On the Wales side of the Severn Bridge, a red dragon signals, “Croesa i Cymru — Welcome to Wales.” You’ve entered a small nation approximately the size of Rhode Island, yet one with its own Celtic language, rich heritage and distinctive landscape.
Boasting the cities of Cardiff, Swansea and Newport, South Wales is the most heavily populated part of Wales. It’s dominated by English speakers and industrialization, thanks to King Coal, which the Welsh have mined and exported since the onset of the Industrial Revolution. Highlighted by rich, undulating farmland, West Wales features the counties of Pembrokeshire — long known as “Little England Beyond Wales” — and Carmarthenshire — with its vocal pocket of Welsh-speaking residents whose voting strength helped create the National Assembly in 1999. Scenic Mid Wales, with its small villages, seaside vistas and Welsh-speaking communities, is often unwittingly bypassed by travelers eager to reach Snowdonia National Park, where hikers and sheep punctuate the hulking gray crags. In the late 13th century, the mountainous terrain offered refuge to Welsh rebels fighting Edward I’s army. Though the English king’s mighty fortresses still dominate North Wales, and slate mining has reshaped the land, the region is renowned for its beauty.
Wales’ national anthem, “The Land of My Fathers,” calls this a place “in which poets and minstrels rejoice.” It’s also a place in which many genealogists rejoice. Today, more than 1.7 million Americans claim Welsh roots — and if Wales is the land of your fathers, you can discover their pasts with a few basic steps and resources.
Coming to America
Did you know that the Welsh discovered America well before Columbus sailed the Atlantic? According to tradition, Prince Madog, a son of Owain Gwynedd, king of North Wales, voyaged from Wales to seek his fortune around 1169. Upon his return, he bragged of visiting a new land where the people lived peacefully. Many believe the land was America, and plaques commemorating the discovery have been laid at Rhos-on-Sea in North Wales, Madog’s departure point, and at Mobile Bay, Ala., the prince’s supposed landing site across the ocean.
Despite Madogs momentous discovery, it took 500 more years before the Welsh began immigrating to America. During the 1640s, religious conflict led to the first phase of the English Civil War, which spread into Wales and pitted Protestants against Catholics and Parliamentary supporters against King Charles I’s Royalists, Even after the Patliamentarians defeated the king, and their leader, the Puritan zealot Oliver Cromwell, became lord protector, religious intolerance and repression continued. In Wales, several nonconformist religions held secret services in homes and pubs, and religious groups such as the Independents, Presbyterians, Baptists and Quakers spread throughout the land. Even though the Toleration Act of 1689 allowed people to worship freely, intolerance remained rampant. Not surprisingly, many Welsh citizens found the prospects of religious and political freedom in America difficult to ignore. By the end of the 17th century, some 3,000 Welsh people had sailed to America, where they clustered to continue practicing their individual religions.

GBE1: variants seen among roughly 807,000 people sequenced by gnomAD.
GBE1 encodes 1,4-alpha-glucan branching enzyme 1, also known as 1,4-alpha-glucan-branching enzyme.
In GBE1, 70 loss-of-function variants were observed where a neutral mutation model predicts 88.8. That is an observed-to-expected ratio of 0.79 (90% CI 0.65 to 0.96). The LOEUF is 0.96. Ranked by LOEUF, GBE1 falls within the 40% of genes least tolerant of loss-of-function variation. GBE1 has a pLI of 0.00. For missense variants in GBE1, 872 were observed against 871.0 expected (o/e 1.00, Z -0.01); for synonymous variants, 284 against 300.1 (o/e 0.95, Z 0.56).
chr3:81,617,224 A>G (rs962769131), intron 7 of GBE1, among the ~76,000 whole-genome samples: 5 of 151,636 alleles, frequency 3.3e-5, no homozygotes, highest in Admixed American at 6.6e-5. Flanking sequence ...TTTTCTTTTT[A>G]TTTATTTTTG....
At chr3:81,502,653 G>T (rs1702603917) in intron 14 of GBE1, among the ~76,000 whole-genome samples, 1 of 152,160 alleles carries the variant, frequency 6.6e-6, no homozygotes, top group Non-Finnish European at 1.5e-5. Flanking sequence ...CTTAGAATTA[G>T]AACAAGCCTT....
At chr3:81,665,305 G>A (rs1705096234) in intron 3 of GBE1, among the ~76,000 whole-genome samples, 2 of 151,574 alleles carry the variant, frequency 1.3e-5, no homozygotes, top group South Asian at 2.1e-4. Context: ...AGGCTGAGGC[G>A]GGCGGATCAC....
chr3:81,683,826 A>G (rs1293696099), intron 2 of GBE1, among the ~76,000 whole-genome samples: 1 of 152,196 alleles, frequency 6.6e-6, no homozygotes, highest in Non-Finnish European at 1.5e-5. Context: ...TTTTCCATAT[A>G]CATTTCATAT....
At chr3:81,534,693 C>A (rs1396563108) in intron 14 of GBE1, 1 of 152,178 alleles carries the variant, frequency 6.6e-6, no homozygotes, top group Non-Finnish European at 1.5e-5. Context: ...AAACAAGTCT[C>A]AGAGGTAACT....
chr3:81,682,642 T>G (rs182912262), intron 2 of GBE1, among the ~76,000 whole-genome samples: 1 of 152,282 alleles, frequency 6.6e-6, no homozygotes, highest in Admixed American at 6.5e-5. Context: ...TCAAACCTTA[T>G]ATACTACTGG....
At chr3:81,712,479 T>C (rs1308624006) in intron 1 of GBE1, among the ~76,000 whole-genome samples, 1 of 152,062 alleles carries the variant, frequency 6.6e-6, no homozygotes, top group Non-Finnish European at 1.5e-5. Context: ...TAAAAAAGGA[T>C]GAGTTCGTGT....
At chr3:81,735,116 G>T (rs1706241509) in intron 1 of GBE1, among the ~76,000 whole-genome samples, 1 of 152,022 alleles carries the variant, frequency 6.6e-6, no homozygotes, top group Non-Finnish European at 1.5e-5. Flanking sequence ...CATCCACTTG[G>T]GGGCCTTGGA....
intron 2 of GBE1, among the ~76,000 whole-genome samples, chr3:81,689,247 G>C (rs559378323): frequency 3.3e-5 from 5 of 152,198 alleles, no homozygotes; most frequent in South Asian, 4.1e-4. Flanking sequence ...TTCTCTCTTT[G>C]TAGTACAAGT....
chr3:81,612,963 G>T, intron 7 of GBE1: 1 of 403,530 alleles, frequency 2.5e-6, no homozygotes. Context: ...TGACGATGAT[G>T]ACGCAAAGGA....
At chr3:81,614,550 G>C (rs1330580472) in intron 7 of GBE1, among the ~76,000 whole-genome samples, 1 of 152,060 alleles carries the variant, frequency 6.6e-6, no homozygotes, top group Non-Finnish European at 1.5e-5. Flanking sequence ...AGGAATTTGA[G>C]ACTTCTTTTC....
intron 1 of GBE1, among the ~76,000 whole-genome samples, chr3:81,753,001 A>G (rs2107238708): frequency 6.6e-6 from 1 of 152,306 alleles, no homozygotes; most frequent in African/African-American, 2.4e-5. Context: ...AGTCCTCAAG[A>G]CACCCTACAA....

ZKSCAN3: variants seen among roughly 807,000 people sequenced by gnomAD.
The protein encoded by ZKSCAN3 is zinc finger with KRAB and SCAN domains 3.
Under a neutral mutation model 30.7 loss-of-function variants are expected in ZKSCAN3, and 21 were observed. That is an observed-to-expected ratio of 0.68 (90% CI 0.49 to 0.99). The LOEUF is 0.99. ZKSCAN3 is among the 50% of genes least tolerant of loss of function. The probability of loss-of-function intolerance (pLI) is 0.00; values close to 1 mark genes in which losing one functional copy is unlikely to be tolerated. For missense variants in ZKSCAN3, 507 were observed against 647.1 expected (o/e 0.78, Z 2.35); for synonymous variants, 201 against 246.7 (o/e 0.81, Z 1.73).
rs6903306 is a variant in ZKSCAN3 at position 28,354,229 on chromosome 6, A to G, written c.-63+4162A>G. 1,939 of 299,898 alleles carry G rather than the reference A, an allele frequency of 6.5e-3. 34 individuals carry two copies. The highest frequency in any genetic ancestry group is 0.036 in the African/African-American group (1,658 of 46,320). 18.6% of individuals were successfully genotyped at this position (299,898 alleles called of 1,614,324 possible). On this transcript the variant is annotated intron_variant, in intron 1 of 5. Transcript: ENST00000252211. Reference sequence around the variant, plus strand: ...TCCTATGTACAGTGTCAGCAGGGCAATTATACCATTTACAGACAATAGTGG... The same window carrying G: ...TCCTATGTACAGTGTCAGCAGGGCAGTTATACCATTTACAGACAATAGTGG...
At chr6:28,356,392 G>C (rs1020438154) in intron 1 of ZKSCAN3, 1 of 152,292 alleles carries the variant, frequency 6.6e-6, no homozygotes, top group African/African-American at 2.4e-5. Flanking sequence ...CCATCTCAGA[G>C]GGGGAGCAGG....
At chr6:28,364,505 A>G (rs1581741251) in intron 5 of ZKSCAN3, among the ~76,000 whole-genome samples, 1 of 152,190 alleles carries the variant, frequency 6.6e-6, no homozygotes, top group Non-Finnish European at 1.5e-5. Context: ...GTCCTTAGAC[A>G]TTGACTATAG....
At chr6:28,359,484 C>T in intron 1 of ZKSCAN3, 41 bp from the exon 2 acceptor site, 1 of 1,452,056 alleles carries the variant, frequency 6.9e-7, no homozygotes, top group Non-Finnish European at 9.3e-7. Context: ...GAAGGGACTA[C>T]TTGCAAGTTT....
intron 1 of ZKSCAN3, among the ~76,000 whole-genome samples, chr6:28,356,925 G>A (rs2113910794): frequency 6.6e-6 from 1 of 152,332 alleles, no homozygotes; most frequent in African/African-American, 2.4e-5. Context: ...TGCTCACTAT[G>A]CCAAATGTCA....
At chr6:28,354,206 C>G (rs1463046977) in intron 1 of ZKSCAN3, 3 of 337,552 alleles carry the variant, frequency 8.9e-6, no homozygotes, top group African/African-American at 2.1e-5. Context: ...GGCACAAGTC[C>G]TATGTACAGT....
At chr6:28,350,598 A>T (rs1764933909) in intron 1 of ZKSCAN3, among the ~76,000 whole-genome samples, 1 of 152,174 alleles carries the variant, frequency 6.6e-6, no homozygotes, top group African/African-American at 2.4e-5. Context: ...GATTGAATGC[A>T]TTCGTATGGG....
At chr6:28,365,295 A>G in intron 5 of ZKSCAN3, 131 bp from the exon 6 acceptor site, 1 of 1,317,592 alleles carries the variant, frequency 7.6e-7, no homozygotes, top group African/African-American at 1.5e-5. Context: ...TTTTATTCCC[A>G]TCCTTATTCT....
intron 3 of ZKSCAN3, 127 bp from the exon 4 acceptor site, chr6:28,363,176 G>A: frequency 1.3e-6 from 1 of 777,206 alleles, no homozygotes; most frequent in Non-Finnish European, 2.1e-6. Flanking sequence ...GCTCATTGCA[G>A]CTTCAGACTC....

In the 1790s, Wales suffered a severe economic and agricultural depression following disastrous harvests and dramatic inflation, which led to another wave of emigration. Sailing from Liverpool, Bristol, Milford Haven, Caernarfon and other ports, thousands of Welsh farmers, weavers, artisans and gentry sought relief in America, where land was abundant and inexpensive, and the economy stable. Others immigrated to Australia, Canada, New Zealand and South Africa.
Between 1815 and 1850, Wales’ population doubled, and Welsh immigration to America soared. The new American residents settled in New York, Pennsylvania, Vermont, Ohio, Wisconsin and Illinois. Some journeyed west to California to take advantage of the 1849 gold rush. Later in the century, Welsh miners and ironworkers flocked to the higher-paying industrial areas of Pennsylvania. By 1900, Welsh settlers had moved into Iowa, Kansas and Missouri, and a large number had migrated to Utah to join the Church of Jesus Christ of Latter-day Saints (LDS). Between 1820 and 1950, more than 250,000 people emigrated from Wales to the United States.
Beginning the Journey Backward
Today, those immigrants’ descendants can learn much about their Welsh roots fight here in America. As with all genealogy research, you should begin at home: Talk to family-members, including distant relatives, who might know about your heritage. And look for names, dates and places in letters, records, the family Bible, photo albums, newspaper clippings and any other documents that may offer clues.
Then, fire up your computer and head over to the Church of Jesus Christ of Latter-day Saints’ FamilySearch Web site <www.familysearch.org>, where you’ll find an excellent Research Outline. From the home page, click on the Search tab, then Research Helps. Click on the W, and you’ll find a lengthy listing of resources for tracing your Welsh ancestors. Scroll down first to the document titled “Wales Research Outline,” which you can open and review online, or download and study offline. (To read the file offline, click on PDF. And if you don’t have it already, you’ll need to download Adobe Acrobat Reader for free at <www.adobe.com/products/acrobat/readstep.html>)